Spectrum of the posterior inferior cerebellar artery territory infarcts. Clinical-diffusion-weighted imaging correlates., Kumral E,Kisabay A,Ataç C,Calli C,Yunten N,, Cerebrovascular diseases (Basel, Switzerland), 2005     [PubMed]
Hong YH,Zhou LX,Yao M,Zhu YC,Cui LY,Ni J,Peng B, Lesion Topography and Its Correlation With Etiology in Medullary Infarction: Analysis From a Multi-Center Stroke Study in China. Frontiers in neurology. 2018;     [PubMed]
Ogawa K,Suzuki Y,Oishi M,Kamei S, Clinical study of 46 patients with lateral medullary infarction. Journal of stroke and cerebrovascular diseases : the official journal of National Stroke Association. 2015 May     [PubMed]
Inamasu J,Nakae S,Kato Y,Hirose Y, Clinical Characteristics of Cerebellar Infarction Due to Arterial Dissection. Asian journal of neurosurgery. 2018 Oct-Dec     [PubMed]
Park MG,Choi JH,Yang TI,Oh SJ,Baik SK,Park KP, Spontaneous isolated posterior inferior cerebellar artery dissection: rare but underdiagnosed cause of ischemic stroke. Journal of stroke and cerebrovascular diseases : the official journal of National Stroke Association. 2014 Aug     [PubMed]
Kim JS,Caplan LR, Clinical Stroke Syndromes. Frontiers of neurology and neuroscience. 2016     [PubMed]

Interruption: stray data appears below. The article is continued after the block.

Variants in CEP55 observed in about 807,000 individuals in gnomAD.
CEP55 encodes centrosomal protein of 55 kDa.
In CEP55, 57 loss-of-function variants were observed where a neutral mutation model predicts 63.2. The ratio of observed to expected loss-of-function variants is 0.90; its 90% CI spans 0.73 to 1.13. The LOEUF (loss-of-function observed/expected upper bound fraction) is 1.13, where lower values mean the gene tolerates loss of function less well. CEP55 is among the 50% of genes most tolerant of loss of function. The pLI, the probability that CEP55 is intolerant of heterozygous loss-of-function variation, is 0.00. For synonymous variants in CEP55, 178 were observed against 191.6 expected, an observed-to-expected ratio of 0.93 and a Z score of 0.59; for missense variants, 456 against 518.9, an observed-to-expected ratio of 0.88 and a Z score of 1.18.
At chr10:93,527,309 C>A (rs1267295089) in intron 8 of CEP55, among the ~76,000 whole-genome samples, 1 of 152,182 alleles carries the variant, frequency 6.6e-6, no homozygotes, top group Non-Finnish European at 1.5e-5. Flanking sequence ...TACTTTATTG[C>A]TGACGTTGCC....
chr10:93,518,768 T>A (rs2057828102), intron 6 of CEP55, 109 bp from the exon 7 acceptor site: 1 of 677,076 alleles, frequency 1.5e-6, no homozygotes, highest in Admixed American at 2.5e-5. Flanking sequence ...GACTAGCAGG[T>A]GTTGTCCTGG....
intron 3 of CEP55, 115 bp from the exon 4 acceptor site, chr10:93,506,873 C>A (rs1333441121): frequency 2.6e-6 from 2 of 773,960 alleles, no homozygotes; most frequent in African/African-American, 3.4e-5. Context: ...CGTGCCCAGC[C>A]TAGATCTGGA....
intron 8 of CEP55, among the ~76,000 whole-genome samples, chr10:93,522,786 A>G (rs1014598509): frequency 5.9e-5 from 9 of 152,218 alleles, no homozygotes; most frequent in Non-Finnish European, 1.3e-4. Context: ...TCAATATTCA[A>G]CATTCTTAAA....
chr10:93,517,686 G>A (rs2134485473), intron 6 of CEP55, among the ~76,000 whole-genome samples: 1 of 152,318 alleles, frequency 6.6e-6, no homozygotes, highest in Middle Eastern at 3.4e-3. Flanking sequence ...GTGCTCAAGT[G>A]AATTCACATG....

Saber Tehrani AS,DeSanto JR,Kattah JC, Neuroimaging "HINTS" of the Lateral Medullary Syndrome. Journal of neuro-ophthalmology : the official journal of the North American Neuro-Ophthalmology Society. 2017 Dec     [PubMed]
Chen K,Schneider AL,Llinas RH,Marsh EB, Keep it simple: vascular risk factors and focal exam findings correctly identify posterior circulation ischemia in "dizzy" patients. BMC emergency medicine. 2016 Sep 13     [PubMed]
De Cocker LJ,Lövblad KO,Hendrikse J, MRI of Cerebellar Infarction. European neurology. 2017     [PubMed]
Salerno A,Cotter BV,Winters ME, The Use of Tissue Plasminogen Activator in the Treatment of Wallenberg Syndrome Caused by Vertebral Artery Dissection. The Journal of emergency medicine. 2017 May     [PubMed]
Guler A,Karbek Akarca F,Eraslan C,Tarhan C,Bilgen C,Kirazli T,Celebisoy N, Clinical and video head impulse test in the diagnosis of posterior circulation stroke presenting as acute vestibular syndrome in the emergency department. Journal of vestibular research : equilibrium & orientation. 2017     [PubMed]